I've been sullen, sulky, and surly the past few days, and I don't know why. Things were going well until Monday afternoon, but then a black mood settled upon me, and it has not left since. Poor Kris: she comes home at night, eager to spend time together, but I'm all thorns and tar and not pleasant to be around. I spend my evenings in a sort of listless restlessness, uninterested in anything, unable to focus on any one task for long.
Maybe I have scurvy.
It certainly wouldn't surprise me. The only fruit in my diet lately comes from the berry jelly in the center of the butterhorns I eat each morning.
Carolyn Gingerich did some research and has confirmed that Jeremy is my third cousin, once removed. Does this make me feel closer to him? Yes. Yes, it does. I like to pretend that family ties mean nothing, but I'm not even fooling myself.
Need something to take your mind off the impending war? Here's a big-ass pile of links that is sure to do the trick.
- Two great food-based links: the gallery of regrettable food and Weight Watchers recipe cards, circa 1974.
- This periodic table has all the usual info, but it's also got a haiku about every element.
- An HTML version of Edward Gorey's The Gashlycrumb Tinies. Amy Ratzlaf had a nice poster of the Tinies when we were in college. I'd like to get one now.
- I spent much of my senior year at Willamette traipsing around the campus barefoot, even in the coldest weather. Perhaps I should join the Society for Barefoot Living
- Home English Home, a silly Flash-based English lesson.
- Setting up a home soda fountain made easy.
- The names of the planets in many languages
- George Orwell: Why I Write—Summary: 1. Sheer egoism, 2. Aesthetic enthusiasm, 3. Historical impulse, 4. Political purpose.
- Zempt, multi-platform posting for Movable Type
- Gizmodo, the gadget weblog (for all you early adopters out there).
- I thought I'd written about feral children before, but I cannot find a past post related to the topic. Feral children fascinate me. There's even a web site devoted to them. (There's a web site devoted to everything.)
- The Day the Earth Stood Still has come to DVD.
- The Shape of Her Footprints, a story.
- I never visit Slashdot anymore; I simply use Alterslash to filter out all the crap. Will Metafilter Distilled do the same for Metafilter? (And what does it say when I need tools to filter web filters? TOO MUCH INFORMATION! And a low signal-to-noise ratio everywhere I turn…)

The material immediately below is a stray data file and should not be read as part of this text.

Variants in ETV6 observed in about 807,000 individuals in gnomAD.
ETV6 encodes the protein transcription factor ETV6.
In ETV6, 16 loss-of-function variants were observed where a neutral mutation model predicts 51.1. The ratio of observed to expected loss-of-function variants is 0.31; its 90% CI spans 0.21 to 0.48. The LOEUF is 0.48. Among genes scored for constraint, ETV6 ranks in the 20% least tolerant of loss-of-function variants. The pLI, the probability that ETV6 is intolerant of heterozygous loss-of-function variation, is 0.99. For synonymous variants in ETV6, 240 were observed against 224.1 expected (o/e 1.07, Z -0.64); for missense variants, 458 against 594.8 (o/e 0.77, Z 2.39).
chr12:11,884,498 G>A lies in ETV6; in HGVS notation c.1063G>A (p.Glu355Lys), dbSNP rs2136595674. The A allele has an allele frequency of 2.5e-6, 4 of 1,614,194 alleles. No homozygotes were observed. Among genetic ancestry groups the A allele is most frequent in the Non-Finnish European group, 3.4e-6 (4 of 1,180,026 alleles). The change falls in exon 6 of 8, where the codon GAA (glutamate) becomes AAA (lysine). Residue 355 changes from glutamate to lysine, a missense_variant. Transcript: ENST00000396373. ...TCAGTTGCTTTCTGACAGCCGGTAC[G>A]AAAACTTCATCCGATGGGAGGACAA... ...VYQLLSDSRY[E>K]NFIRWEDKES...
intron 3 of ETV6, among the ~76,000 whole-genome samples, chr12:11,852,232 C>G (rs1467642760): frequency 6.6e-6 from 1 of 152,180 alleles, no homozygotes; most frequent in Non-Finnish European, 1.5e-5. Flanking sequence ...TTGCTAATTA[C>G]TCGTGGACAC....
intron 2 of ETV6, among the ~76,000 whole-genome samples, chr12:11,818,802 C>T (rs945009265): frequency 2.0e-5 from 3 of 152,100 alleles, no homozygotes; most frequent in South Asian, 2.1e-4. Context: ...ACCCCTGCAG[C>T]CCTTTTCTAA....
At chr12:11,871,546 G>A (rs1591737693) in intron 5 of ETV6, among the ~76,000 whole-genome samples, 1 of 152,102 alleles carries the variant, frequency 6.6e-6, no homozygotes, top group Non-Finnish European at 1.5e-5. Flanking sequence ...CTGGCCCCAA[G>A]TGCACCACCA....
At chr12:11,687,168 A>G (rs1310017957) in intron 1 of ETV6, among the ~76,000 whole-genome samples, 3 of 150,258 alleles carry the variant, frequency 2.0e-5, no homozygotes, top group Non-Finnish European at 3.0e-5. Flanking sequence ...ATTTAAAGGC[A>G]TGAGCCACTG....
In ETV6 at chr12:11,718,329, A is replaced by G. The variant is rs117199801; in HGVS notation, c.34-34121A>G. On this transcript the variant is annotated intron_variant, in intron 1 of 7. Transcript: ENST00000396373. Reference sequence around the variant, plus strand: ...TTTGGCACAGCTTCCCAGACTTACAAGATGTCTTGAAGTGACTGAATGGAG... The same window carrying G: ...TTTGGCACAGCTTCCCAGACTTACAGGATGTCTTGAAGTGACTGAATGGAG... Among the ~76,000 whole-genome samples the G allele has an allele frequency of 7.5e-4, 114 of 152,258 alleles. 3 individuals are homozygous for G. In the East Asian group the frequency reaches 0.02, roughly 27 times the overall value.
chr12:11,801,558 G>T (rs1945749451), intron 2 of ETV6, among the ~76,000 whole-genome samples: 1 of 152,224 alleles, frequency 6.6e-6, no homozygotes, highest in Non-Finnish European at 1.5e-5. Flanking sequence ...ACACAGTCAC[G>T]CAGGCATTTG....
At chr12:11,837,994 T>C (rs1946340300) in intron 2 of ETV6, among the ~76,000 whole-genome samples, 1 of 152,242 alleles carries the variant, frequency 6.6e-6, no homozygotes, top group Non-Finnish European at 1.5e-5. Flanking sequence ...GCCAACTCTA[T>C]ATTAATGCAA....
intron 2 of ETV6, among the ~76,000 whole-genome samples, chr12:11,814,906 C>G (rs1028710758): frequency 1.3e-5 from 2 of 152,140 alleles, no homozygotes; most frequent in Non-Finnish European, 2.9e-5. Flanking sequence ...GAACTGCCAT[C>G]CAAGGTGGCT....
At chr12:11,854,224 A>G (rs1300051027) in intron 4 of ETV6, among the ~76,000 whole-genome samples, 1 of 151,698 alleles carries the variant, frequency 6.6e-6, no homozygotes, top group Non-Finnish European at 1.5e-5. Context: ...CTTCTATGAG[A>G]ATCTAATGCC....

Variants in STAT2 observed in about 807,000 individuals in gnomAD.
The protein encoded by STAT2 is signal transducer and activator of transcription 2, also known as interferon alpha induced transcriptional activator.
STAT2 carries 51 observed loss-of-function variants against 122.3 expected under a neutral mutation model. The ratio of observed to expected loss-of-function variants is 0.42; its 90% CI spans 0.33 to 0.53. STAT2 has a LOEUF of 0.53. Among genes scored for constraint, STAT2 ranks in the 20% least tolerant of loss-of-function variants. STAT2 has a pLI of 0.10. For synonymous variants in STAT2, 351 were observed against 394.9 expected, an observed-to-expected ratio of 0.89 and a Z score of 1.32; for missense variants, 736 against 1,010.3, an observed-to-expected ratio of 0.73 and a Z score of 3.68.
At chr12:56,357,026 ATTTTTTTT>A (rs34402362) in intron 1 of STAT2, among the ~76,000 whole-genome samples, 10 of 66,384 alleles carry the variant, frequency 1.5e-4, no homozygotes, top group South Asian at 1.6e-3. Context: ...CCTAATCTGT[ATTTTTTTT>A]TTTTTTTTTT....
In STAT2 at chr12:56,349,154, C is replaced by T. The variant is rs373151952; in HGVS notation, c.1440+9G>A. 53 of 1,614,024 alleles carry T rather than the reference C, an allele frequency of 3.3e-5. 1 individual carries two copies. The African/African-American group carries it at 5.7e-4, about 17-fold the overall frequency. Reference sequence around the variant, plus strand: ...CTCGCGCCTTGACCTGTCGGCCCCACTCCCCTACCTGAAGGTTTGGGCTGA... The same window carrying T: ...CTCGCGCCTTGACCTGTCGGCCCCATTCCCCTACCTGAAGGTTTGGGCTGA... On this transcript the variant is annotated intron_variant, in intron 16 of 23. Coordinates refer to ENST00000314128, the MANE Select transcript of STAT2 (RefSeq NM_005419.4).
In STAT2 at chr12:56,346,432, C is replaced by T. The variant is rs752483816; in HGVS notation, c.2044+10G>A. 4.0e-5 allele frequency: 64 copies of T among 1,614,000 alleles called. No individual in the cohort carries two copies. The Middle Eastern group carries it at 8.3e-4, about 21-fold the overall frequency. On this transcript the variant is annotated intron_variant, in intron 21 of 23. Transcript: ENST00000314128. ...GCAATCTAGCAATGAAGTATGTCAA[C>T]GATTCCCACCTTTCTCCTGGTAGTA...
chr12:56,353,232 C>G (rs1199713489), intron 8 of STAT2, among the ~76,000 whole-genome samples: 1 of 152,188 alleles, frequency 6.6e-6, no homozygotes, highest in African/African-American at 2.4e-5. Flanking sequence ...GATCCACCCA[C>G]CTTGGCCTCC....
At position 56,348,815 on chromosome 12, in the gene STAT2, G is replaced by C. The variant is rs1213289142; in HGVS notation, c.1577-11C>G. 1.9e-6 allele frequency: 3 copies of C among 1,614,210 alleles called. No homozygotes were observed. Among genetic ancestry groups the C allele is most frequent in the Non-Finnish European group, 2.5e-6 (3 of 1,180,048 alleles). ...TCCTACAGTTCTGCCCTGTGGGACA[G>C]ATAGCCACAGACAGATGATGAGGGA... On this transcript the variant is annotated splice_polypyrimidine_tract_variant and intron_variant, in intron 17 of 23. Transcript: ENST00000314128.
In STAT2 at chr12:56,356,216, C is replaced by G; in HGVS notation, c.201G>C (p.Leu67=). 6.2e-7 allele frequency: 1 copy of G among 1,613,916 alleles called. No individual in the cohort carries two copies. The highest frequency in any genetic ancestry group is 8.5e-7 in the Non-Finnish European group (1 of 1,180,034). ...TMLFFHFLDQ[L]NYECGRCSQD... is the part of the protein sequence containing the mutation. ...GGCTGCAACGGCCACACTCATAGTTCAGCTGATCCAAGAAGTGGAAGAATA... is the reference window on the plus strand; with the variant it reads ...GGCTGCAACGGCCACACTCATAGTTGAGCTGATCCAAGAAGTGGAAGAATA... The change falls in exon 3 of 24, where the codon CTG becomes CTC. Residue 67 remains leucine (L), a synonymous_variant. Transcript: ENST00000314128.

- Snopes is a good urban legends reference page for those habitual forwarders of AMAZING! (but TRUE!) things via e-mail.
- And, finally, Joel points out that there are some animated Matrix prequels available freely online.
Whew. That was a huge pile of links, was it not? But wait! There's more (though these are war related:
- If you follow none of the other links here, follow these: resignations from U.S. diplomat John Brady Kiesling and British House of Commons member Robin Cook. The Cook resignation is especially good.
- First Iraq, then Canada?
- Google, hacked by peaceniks
- Where is Raed? A weblog from inside Iraq. This is a fantastic example of the way in which weblogs have the ability to change the manner in which news is delivered. (This first became apparent during the attacks on September 11th.)
- What happens when we move from orange to red?
- And finally, a repeat: Our long national nightmare of peace and prosperity is finally over!
Tomorrow I'll write about personal history again, okay?
In 12 Monkeys, Jim Cole travels from the future to avert a deadly plague which is to be released in present-day Philadelphia. The authorities think he's a nut job, and they lock him away and assign shrink Kathryn Railly to his case. At one point, they're traveling in a car together, and they hear a news bulletin about a kid trapped in a well. Willis laughs and Stowe asks him what's so funny.
Cole explains that he remembers this—this event happened when he was a kid, just days before the plague struck and killed 99% of the world population. The kid isn't trapped in the well, he's just pulling a prank and he's hiding in a nearby barn.
Railly doesn't believe him. She doesn't believe anything he says. She certainly doesn't believe he's from the future. Until, later, she's watching television and she sees another news bulleting: the kid wasn't in the well, he was just pulling a prank and was hiding in a nearby barn.
Over the past couple days I've heard bits and pieces about the angry farmer who drove his tractor into a pond in Washington, D.C. Each time I hear about the farmer, I associate his story with the story of the boy in the well in 12 Monkeys: they're both odd little events occurring at the edge of doom.
Happy birthday, Paul!
Have a pleasant evening.
On this day at foldedspace.org
2005 — Lego Racers Harrison is developing into a typical male, which, in a way, is fun to see. For example, he loves video games.
2004 — Geeky Sunday Andrew, Joel, and I met at Dave's house for a little bit of fun last Sunday. We gathered to play Dungeons and Dragons, that rite of passage for geeks everywhere. You might think that a quartet of 35-year-old men is too old to be playing geeky boy games. You'd be wrong.
2002 — Frustrated On Sunday I drove to six different stores around Portland searching for her album. None of them had it. What a colossal waste of time. I would have gladly paid $10 to be able to download the thing from an online source.
2001 — Disjointed Morning I'm not the best judge of weather at 5:40 a.m. I had intended to bike to work today but when...